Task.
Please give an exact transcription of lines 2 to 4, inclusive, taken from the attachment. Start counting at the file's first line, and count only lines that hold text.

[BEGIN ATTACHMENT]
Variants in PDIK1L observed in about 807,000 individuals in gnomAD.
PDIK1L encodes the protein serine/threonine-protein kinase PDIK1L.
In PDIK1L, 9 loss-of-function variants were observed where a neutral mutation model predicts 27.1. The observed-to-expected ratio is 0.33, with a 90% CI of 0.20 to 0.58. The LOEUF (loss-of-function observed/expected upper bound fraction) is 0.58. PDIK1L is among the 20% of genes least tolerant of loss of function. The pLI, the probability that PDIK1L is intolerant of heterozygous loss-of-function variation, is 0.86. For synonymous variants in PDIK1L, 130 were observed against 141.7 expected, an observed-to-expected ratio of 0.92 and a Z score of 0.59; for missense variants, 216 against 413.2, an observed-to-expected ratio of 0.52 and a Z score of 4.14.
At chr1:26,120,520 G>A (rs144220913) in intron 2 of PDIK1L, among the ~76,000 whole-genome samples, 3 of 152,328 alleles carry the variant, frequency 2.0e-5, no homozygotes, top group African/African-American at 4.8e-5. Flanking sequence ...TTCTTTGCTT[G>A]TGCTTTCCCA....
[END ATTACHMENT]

PDIK1L encodes the protein serine/threonine-protein kinase PDIK1L.
In PDIK1L, 9 loss-of-function variants were observed where a neutral mutation model predicts 27.1. The observed-to-expected ratio is 0.33, with a 90% CI of 0.20 to 0.58. The LOEUF (loss-of-function observed/expected upper bound fraction) is 0.58. PDIK1L is among the 20% of genes least tolerant of loss of function. The pLI, the probability that PDIK1L is intolerant of heterozygous loss-of-function variation, is 0.86. For synonymous variants in PDIK1L, 130 were observed against 141.7 expected, an observed-to-expected ratio of 0.92 and a Z score of 0.59; for missense variants, 216 against 413.2, an observed-to-expected ratio of 0.52 and a Z score of 4.14.
At chr1:26,120,520 G>A (rs144220913) in intron 2 of PDIK1L, among the ~76,000 whole-genome samples, 3 of 152,328 alleles carry the variant, frequency 2.0e-5, no homozygotes, top group African/African-American at 4.8e-5. Flanking sequence ...TTCTTTGCTT[G>A]TGCTTTCCCA....